Instructing a patient to perform a self-examination during a video call requires giving detailed instructions. However, clinicians typically consider personally examining the patient as an easier, quicker and more accurate assessment method.

Urgent care medics lead the way

There may be lessons to be learned from the fact that a focus group study conducted in 2023 found that urgent care GPs were keener about the technology, using video more frequently than ‘in-hours’ GPs.

Urgent care GPs found that their anxieties about using video were overcome by training, and once they were confident, the technology had a range of benefits. These included during the initial assessment, allowing better rapport and trust between clinician and patient.

In addition, they found that video has value in a wide range of conditions, including identifying safeguarding issues. It also proves useful for involving others in the consultation and optimising resource utilisation.

‘In-hours’ GPs identified a range of problems and generally were less confident treating patients without seeing them face-to-face compared with those in urgent care.

Where video proves most effective is in supporting decision-making, for example, being able to see how distressed a patient is, which may not be as apparent from a phone conversation.

One in-hours female GP told the study: ‘I find some people can sound really awful on the phone, but when you look at them on the video, you can see instantly … they’re actually all right and vice versa.’ 

Beware of the two-tier system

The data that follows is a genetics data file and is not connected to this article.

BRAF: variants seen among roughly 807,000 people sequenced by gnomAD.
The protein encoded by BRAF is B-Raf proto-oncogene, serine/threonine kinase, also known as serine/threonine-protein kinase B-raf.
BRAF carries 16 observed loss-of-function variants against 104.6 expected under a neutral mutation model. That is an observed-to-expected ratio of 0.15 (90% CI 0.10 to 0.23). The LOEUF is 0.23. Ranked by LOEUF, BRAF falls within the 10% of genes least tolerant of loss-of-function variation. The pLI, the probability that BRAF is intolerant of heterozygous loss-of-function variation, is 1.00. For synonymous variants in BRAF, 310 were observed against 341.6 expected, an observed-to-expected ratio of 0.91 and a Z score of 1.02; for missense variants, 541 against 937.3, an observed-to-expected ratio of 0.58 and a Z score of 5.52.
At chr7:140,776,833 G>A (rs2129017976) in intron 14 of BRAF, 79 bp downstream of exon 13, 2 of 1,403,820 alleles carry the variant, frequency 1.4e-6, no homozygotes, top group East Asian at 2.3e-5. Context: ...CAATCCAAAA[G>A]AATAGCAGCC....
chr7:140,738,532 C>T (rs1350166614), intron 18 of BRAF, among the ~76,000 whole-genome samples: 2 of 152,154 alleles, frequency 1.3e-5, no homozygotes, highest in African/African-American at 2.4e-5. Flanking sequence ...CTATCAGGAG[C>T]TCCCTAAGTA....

While rural areas would seem ideal places for video consultations, potentially saving on long journeys for the patient or clinician, there are concerns that this could lead to a two-tier system.

Poorer families may not have access to broadband, which the more affluent may take for granted, and GPs also reported those with larger homes had Wi-Fi blackspots.

The focus group study also found a wide split in use across the age ranges – some elderly patients, used to speaking to relatives online, were adept, while others struggled to use video.

However, poor takeup by some GPs and barriers in day-to-day use doesn’t mean that the potential of video consultations has vanished. It may be that we are still just starting to explore the potential of video.

Functionality has been increased by Silicon Practice to allow group calls, which could prove invaluable for clinicians needing to have a translator involved in a consultation, a trusted third party or to bring in another clinician for advice.

Video has been used to link with nursing home staff to discuss patients, to at least partially replace visits and for statutory functions such as issuing death certificates, and this could be an area where the technology increasingly comes into its own.

Conclusion: Video’s flexible future

There are many reasons why video consultation uptake continues to be slow.

However, it is still a relatively new technology. A certain amount of resistance from patients and clinicians is inevitable but additional training would seem to be one way of making better use of the equipment which so many people now have at their fingertips.

If we can overcome those barriers and the demand for video in primary care expands, you can be certain that Silicon Practice will be ready.

Contact us to find out about Foundation and FootFall Elements with or without video functionality.

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post by Bruno Clements